#IATA#Air Freight#Air traffic results#air cargo#flattenin

IATA provides gloomy outlook for air freight

The International Air Transport Association (IATA) provided a gloomy outlook for Septembers global traffic today, with figures showing a continued slow...

Freddie Pierce
|Nov 2|magazine10 min read

The International Air Transport Association (IATA) provided a gloomy outlook for September’s global traffic today, with figures showing a continued slowdown in the rate of traffic growth.

Despite encouraging passenger results, demand growth for air cargo showed increasing weakness, displaying just 0.6 percent year on year growth.

According to IATA, the growth trend in air travel started to flatten in the second quarter, with no growth in the passenger market between April and August. The year-on-year comparisons are now also starting to show slower rates of growth.

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In September, passenger travel increased 4.1% on a year ago, down on the 5.3% year-on-year growth rate in August and well below the 6% average growth rate seen throughout the first half of the year.

The minor 0.6% year-on-year growth posted for air cargo is less significant than the 0.6% fall in air freight volumes between August and September which is more indicative of the trend. This is the second notable month-on-month fall in air freight growth in as many months, which has eroded the stability in volumes achieved earlier in 2012. Capacity was trimmed 0.6% compared to year-ago levels. This strengthened the freight load factor slightly to 45.6% from 45.1% a year ago.

Tony Tyler, IATA’s Director General and CEO said:“A ‘two-speed’ recovery is emerging into a ‘multi-speed’ reality. Carriers in China, Latin America and the Middle East are growing strongly. Europe’s airlines are experiencing profitless growth in a strategy to manage high fixed costs and taxes. In Africa the challenge is to turn growth opportunities into profits. But for North American airlines the focus is on tightly managing capacity in order to optimize profits in a slow to no-growth environment. Asia-Pacific carriers outside of China are a mixed bag. Robust growth in China is being tempered by faltering markets in Japan and India,” said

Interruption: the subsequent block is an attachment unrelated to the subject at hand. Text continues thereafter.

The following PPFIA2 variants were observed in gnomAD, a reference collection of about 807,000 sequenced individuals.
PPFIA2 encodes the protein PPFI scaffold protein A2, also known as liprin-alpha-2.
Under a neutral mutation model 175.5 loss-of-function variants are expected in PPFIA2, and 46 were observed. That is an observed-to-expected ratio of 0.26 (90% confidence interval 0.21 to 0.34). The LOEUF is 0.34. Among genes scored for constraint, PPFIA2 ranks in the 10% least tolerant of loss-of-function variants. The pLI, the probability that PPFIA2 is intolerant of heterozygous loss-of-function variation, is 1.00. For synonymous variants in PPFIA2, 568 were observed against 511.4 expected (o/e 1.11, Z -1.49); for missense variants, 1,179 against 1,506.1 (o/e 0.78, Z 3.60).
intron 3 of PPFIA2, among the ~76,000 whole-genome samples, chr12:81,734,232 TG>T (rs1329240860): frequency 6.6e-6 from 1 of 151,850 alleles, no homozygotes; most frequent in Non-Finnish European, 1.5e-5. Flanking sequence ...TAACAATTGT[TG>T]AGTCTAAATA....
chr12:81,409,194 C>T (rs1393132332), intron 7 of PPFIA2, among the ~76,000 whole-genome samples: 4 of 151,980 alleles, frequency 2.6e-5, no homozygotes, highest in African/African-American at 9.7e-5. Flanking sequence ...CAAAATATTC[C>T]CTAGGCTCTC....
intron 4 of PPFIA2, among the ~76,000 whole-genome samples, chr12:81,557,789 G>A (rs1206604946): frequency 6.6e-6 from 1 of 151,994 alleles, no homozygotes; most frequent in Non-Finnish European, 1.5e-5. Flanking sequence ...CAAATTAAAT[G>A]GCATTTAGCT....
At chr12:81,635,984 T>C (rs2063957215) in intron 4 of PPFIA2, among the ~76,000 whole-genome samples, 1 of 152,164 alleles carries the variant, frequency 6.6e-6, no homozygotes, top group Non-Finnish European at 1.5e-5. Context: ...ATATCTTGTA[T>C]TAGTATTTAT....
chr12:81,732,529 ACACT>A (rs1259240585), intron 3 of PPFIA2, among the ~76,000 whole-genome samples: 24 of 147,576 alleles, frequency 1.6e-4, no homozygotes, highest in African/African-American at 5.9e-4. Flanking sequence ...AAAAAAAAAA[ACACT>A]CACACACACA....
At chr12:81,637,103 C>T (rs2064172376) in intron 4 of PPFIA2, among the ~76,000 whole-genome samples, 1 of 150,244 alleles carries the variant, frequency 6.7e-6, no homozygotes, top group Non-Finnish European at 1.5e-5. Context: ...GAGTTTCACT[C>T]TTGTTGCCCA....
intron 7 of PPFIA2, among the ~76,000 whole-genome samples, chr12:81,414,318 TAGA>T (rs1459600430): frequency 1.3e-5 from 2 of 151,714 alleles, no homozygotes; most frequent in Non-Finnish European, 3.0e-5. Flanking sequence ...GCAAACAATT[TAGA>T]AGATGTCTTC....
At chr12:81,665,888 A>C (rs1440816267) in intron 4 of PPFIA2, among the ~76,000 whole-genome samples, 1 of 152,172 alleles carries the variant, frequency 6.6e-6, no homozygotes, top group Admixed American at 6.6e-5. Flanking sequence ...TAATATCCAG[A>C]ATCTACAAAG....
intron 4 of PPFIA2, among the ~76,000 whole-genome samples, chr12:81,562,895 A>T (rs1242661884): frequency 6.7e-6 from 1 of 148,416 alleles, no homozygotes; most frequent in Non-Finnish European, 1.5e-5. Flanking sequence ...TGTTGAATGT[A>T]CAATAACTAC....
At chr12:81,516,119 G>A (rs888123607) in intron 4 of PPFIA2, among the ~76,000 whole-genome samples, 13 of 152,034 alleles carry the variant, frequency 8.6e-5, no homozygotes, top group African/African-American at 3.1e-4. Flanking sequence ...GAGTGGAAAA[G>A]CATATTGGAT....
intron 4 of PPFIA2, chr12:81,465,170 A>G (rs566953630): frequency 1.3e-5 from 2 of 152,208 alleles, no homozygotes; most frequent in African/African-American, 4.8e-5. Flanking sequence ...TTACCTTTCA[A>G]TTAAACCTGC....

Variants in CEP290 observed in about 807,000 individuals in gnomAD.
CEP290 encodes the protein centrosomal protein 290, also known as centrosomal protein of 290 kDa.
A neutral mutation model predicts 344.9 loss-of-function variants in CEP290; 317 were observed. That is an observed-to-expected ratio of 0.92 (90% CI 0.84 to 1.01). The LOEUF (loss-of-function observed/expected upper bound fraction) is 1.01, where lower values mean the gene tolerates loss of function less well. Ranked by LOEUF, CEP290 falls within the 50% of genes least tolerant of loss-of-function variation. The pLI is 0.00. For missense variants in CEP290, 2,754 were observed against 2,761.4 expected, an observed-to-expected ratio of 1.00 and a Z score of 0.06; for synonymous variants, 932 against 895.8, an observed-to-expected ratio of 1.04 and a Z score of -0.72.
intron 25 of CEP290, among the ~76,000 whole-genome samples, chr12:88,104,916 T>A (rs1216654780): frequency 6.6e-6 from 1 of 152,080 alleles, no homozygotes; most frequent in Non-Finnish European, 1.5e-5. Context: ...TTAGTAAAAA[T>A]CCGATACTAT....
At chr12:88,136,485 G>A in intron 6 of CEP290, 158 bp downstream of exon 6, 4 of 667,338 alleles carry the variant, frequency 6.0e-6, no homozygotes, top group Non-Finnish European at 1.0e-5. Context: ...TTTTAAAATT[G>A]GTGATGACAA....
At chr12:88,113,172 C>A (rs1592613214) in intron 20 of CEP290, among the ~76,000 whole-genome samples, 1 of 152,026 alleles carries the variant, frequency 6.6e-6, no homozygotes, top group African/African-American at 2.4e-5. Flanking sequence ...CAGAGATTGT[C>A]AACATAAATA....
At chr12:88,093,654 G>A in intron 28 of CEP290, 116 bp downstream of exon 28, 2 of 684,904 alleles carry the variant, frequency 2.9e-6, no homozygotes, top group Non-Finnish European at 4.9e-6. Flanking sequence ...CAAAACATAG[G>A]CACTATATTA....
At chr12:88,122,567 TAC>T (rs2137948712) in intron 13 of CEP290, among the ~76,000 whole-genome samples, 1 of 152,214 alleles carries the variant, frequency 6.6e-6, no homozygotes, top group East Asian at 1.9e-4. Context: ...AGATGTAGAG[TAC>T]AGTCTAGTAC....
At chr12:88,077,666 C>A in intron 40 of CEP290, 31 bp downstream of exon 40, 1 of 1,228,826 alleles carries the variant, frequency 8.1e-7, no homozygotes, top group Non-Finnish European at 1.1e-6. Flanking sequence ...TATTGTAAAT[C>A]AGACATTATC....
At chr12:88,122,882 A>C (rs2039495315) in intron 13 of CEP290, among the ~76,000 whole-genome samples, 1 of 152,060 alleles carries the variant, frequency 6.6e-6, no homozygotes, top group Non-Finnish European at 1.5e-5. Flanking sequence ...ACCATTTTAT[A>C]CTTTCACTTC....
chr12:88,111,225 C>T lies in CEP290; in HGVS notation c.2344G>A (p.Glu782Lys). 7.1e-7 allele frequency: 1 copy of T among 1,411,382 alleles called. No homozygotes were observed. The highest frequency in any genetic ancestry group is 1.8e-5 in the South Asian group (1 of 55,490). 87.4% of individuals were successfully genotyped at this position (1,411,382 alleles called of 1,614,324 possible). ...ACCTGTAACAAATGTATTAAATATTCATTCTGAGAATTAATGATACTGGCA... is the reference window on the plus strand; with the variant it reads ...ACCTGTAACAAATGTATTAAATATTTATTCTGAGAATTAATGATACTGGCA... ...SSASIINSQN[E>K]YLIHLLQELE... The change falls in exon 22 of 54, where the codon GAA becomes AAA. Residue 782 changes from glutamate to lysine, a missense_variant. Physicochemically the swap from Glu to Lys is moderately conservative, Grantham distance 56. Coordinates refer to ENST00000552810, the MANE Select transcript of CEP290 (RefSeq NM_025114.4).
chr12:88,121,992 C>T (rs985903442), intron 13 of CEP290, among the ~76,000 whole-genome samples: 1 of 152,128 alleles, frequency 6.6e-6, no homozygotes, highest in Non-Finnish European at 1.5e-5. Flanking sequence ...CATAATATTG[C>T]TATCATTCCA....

Air Freight: A detailed breakdown

Air freight demand rose 0.6% compared to September 2011 but declined 0.6% month-on-month, eroding the small gains seen in August. All the major regions experienced year-on-year declines. The introduction of new consumer products such as the iPhone 5 could offset some downward pressure from the weak business environment.

  • Asia-Pacific carriers saw a 1.6% decline in demand in September compared to the previous year. This is an improvement over August, when demand dropped 5.3% but still no progress compared to a year ago. Capacity dropped 3%. North American airlines had a 1.1% drop in demand, against a 3.1% drop in capacity. The load factor climbed 0.7% points to 35.2%. European airlines had a 0.4% decline in traffic, but capacity climbed 1.2% and the load factor dropped 0.7% points to 45.6%.
  • Middle Eastern carriers had a 16.3% rise in traffic on a 6.9% rise in capacity, pushing up the load factor 3.8% points to 46.1%.
  • Latin American airlines’ demand slipped 1.6% while capacity jumped 9%, resulting in a load factor of 37.8%, down 4.1% points.
  • African carriers saw a 4.1% rise in demand with capacity up 1.4%, raising the load factor 0.6% points to 24.1%, the lowest for any region.

The Bottom Line: “Tough times deliver innovation. High oil prices have turned fuel management into a fine art of conserving every last drop. Consumer demand for convenience and simplified process supported the development of a whole new way to travel facilitated by e-tickets, bar-coded boarding passes and kiosk technology. And the recent approval of the foundation standard for a New Distribution Capability (NDC) means that travelers are set to benefit from a revolution in airline retailing,” said Tyler.